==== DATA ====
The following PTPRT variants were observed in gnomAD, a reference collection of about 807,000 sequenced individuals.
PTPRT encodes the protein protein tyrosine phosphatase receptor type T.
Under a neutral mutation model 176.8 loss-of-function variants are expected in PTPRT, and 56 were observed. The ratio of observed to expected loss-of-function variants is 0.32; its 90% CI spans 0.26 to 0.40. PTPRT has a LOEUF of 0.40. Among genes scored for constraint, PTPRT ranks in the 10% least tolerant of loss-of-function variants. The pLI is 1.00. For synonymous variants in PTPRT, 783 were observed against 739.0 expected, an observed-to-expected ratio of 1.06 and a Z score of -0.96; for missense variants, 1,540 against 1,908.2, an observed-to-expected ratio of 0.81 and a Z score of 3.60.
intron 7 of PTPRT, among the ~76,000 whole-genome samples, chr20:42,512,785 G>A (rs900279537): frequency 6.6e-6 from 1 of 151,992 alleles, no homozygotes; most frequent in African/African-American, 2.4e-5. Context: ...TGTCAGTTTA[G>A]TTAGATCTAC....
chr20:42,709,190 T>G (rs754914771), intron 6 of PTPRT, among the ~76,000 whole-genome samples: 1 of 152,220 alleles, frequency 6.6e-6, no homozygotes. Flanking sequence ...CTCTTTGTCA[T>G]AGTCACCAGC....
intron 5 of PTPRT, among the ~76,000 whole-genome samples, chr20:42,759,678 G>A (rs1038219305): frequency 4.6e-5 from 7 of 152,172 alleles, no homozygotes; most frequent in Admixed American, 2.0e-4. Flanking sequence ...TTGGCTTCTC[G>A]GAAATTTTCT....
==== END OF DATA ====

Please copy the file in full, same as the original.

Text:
The following PTPRT variants were observed in gnomAD, a reference collection of about 807,000 sequenced individuals.
PTPRT encodes the protein protein tyrosine phosphatase receptor type T.
Under a neutral mutation model 176.8 loss-of-function variants are expected in PTPRT, and 56 were observed. The ratio of observed to expected loss-of-function variants is 0.32; its 90% CI spans 0.26 to 0.40. PTPRT has a LOEUF of 0.40. Among genes scored for constraint, PTPRT ranks in the 10% least tolerant of loss-of-function variants. The pLI is 1.00. For synonymous variants in PTPRT, 783 were observed against 739.0 expected, an observed-to-expected ratio of 1.06 and a Z score of -0.96; for missense variants, 1,540 against 1,908.2, an observed-to-expected ratio of 0.81 and a Z score of 3.60.
intron 7 of PTPRT, among the ~76,000 whole-genome samples, chr20:42,512,785 G>A (rs900279537): frequency 6.6e-6 from 1 of 151,992 alleles, no homozygotes; most frequent in African/African-American, 2.4e-5. Context: ...TGTCAGTTTA[G>A]TTAGATCTAC....
chr20:42,709,190 T>G (rs754914771), intron 6 of PTPRT, among the ~76,000 whole-genome samples: 1 of 152,220 alleles, frequency 6.6e-6, no homozygotes. Flanking sequence ...CTCTTTGTCA[T>G]AGTCACCAGC....
intron 5 of PTPRT, among the ~76,000 whole-genome samples, chr20:42,759,678 G>A (rs1038219305): frequency 4.6e-5 from 7 of 152,172 alleles, no homozygotes; most frequent in Admixed American, 2.0e-4. Flanking sequence ...TTGGCTTCTC[G>A]GAAATTTTCT....